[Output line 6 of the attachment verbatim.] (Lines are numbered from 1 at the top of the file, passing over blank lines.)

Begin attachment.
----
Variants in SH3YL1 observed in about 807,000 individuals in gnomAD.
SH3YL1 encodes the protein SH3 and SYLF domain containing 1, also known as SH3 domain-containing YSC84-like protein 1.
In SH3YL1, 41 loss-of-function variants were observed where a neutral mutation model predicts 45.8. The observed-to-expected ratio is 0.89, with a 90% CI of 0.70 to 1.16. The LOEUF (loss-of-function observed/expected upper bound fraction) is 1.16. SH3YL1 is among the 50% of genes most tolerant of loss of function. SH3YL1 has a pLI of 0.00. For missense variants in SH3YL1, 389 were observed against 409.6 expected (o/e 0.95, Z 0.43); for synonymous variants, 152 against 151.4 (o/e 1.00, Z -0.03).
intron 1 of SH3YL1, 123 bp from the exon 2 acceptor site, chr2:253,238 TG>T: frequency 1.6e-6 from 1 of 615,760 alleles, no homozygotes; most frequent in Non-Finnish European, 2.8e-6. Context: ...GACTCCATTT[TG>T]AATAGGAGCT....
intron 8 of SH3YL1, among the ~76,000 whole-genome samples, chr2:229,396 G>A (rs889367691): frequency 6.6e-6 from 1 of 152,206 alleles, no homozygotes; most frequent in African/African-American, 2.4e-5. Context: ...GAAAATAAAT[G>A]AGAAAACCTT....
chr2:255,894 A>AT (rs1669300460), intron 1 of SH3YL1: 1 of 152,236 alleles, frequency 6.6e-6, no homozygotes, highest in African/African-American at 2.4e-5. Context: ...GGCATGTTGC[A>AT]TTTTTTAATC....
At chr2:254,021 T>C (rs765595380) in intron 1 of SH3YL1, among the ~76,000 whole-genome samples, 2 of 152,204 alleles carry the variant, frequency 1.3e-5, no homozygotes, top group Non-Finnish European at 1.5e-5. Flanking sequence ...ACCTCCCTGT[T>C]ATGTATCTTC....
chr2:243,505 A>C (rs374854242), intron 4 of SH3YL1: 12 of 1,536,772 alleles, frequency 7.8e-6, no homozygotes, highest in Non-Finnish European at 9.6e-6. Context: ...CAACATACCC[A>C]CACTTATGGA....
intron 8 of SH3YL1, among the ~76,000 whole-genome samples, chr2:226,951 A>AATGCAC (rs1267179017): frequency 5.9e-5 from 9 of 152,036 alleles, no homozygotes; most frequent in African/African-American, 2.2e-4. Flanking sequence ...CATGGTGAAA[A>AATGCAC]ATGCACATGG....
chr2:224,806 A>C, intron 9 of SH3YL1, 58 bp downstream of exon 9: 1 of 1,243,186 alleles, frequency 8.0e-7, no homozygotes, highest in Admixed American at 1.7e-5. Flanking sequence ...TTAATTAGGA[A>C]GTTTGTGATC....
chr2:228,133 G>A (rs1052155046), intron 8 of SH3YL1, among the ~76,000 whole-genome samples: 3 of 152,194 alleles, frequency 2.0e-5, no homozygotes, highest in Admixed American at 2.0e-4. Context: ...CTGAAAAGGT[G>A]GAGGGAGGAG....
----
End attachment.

chr2:255,894 A>AT (rs1669300460), intron 1 of SH3YL1: 1 of 152,236 alleles, frequency 6.6e-6, no homozygotes, highest in African/African-American at 2.4e-5. Context: ...GGCATGTTGC[A>AT]TTTTTTAATC....